I received an email the other day:
It has always been my dream to start my own pottery business. Hoping to do that in the next couple years. Any advice?
My first thought was to just send this person to my blog, but then I thought it might be hard-- even with my half-assed tags-- to ferret out the advice amongst the bitching, crying, and general angst that my posts are usually engaged in. A rational person would walk away from my blog realizing that they do not want to start a pottery business, but ceramic artists are not rational people, at least not when it comes to clay. Look, we take mud and turn it into a freaking cup, so many of us have this idea that we can do anything we put our minds to. Ceramic artists have wills made of steel.
So I thought about it-- what would I advise someone who wants to start a business in making clay objects and then sell them? I made a list.
#1- Get a mentor. Find a successful clay artist and ask them to be your guide, teacher, and mentor. If possible, work for them. When I was first learning how to make pottery, I landed a job with ceramic artist Sandi Dihl. She is a successful artist who has been supporting herself with her work for decades. I leapfrogged ahead in my career by many years because I learned from her firsthand what it took to run a business. What to do, and sometimes just as importantly, what not to do.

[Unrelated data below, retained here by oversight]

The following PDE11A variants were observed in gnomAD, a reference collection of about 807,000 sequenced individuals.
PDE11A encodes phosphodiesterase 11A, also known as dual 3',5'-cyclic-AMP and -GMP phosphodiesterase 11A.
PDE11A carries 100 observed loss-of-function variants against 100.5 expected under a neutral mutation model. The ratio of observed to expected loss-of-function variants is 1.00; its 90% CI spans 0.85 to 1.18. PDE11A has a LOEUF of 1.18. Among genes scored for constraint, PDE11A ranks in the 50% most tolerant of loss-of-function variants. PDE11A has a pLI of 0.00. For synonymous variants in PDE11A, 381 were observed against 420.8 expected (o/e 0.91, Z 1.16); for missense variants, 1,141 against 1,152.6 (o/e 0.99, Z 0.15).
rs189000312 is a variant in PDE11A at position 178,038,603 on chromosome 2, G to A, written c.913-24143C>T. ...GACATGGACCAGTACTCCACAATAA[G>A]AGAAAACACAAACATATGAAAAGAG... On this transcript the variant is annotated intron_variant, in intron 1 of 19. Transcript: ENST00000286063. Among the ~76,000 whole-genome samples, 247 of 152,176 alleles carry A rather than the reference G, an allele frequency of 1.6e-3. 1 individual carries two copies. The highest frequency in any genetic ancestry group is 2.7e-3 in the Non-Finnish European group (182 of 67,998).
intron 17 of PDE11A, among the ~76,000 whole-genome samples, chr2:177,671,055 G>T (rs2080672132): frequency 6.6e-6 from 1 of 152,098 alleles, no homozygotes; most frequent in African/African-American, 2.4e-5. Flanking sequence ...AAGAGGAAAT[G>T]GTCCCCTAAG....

#2- Don't sell mediocre work just because you can. A quick peek through etsy will show you that there are many people making unexceptional pottery, and selling it. Don't add to that pile, it is not the path to distinguishing yourself. Brutally assess your work. Find other people whose opinions you trust to brutally assess your work. Make something special that shows who you are and hone that talent before putting yourself in the marketplace.
#3- Realize that when you make pottery for a living, you are sacrificing a part of yourself for money. Every artist struggles with this, and every person who wishes to survive in our society must do this, so don't fool yourself that because you are an artist you can skip by. If you are running a ceramics business, then ceramics is your job. Maybe your dream job, but still a job. I've spent years cycling in and out of burnout and psychological stress from running my art as a business. Recognize that you will need outlets to help balance your life, and put them into place.
#4- Create a support network for yourself of other artists and creative types so that you can struggle and learn together, give each other advice, cry on each others shoulder, and critique and advise one another. Your mother, best friend, and significant other can't do it all for you.
#5- Don't eff up the business end of things, and don't spend one second telling yourself that you are an artist, not a businessperson. If you want to be successful, you must be both. Get interested in running the numbers. Learn quickbooks. Read small business blogs that specialize in the arts. When you are done reading this paragraph, read it again and replace the word "business" with "marketing". Then get interested in promoting yourself. Learn how to use social media and avail yourself of all the online tools that are out there.
If you've been keeping up this week then you may notice a theme developing. I promise to take each point from above and write more extensively about it in the coming weeks, and as usual, some feedback from my readers to keep me on track is always helpful!